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I AM AYAH

THE WAY HOME

An enjoyable romance brings Black history into the present.

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A Black couple’s romance ties together the past and the present in Hill’s novel.

The author interweaves a present-day storyline—photographer Alessandra Fleming leaves Manhattan for her hometown of Sag Harbor, New York, after her widowed and estranged father is hospitalized—with a series of first-person narratives that relate the story of Ayah, a woman kidnapped and enslaved in the 19th century. When she returns to Sag Harbor, Alessandra meets her neighbor’s grandson Zach Renard, an ethnographer studying the history of free Black communities on Long Island. The two feel an instant connection that intensifies as Zach supports Alessandra through her father’s final days. She is determined to understand the family secrets her parents kept from her as well as the increasing number of unnerving experiences she has been having, sensing sights, sounds, and smells that are not there. When Alessandra discovers a chest full of newspaper clippings, photos, and other artifacts, Zach brings his research skills to bear, and together they uncover Alessandra’s family history and its place in the Black diaspora. The emotionally satisfying love story is complemented by the book’s solid historical grounding as well as a cast of well-developed supporting characters—Zach’s grandmother Grace Oweku; Alessandra’s elderly neighbor Edith Samuels; and her longtime best friend, Traci Howard—who come with backstories that could fill a separate novel. The writing and pacing are solid, making it easy to get hooked by the story. The book’s supernatural elements (“When she opened the door to her space, a sudden flash of seeing herself stepping into a dim, lantern-lit room that smelled of damp wood, sea moss, and dirt floors leaped in front of her. The surreal moment seized her breath. She gripped the doorframe, shook her head, and the image scattered like startled birds”) echo those in Octavia E. Butler’s Kindred while allowing Alessandra’s story to remain entirely its own. The narrative explores issues of systemic racism, slavery, generational wealth-building, and chosen families, addressing them organically without overwhelming the reader with heavy-handed messages. Distinguished by its intense and passionate love story and its insistence on the contemporary relevance of historical events, this engaging tale will keep the reader turning pages until the end.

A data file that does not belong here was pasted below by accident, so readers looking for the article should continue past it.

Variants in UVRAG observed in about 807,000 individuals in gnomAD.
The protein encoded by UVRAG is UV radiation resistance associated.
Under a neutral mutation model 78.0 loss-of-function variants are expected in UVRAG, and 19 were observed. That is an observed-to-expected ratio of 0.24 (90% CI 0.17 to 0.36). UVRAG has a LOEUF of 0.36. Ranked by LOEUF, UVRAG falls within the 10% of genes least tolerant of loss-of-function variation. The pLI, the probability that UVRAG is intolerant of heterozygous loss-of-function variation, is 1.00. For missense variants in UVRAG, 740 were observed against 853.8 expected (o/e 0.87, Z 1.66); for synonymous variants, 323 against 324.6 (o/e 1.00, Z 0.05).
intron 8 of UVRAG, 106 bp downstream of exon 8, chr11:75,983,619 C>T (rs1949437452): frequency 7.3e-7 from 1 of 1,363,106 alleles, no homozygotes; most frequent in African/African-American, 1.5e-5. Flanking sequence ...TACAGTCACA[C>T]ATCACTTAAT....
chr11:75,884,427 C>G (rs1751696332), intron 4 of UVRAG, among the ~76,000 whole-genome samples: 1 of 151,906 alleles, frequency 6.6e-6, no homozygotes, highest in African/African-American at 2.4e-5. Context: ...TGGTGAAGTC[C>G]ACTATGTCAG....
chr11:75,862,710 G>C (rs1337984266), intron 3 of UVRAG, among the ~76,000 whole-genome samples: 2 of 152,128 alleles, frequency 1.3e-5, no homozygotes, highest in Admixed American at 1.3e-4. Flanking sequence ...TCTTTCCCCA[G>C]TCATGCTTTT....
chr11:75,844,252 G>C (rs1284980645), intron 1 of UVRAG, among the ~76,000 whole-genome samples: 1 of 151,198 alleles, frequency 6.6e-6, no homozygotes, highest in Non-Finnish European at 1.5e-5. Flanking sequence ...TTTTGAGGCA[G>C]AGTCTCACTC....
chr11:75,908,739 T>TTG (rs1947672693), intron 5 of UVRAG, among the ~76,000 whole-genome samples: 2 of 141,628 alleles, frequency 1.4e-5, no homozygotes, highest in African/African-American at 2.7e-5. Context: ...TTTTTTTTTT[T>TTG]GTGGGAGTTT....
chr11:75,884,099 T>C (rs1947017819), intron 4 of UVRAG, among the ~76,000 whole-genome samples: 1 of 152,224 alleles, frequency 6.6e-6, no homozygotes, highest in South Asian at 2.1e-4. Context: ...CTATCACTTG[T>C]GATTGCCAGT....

An enjoyable romance brings Black history into the present.

Pub Date: May 23, 2023

ISBN: 9781649371454

Page Count: 368

Publisher: Sideways Books

Review Posted Online: April 10, 2023

Kirkus Reviews Issue: June 15, 2023

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  • New York Times Bestseller

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THE WOMEN

A dramatic, vividly detailed reconstruction of a little-known aspect of the Vietnam War.

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A young woman’s experience as a nurse in Vietnam casts a deep shadow over her life.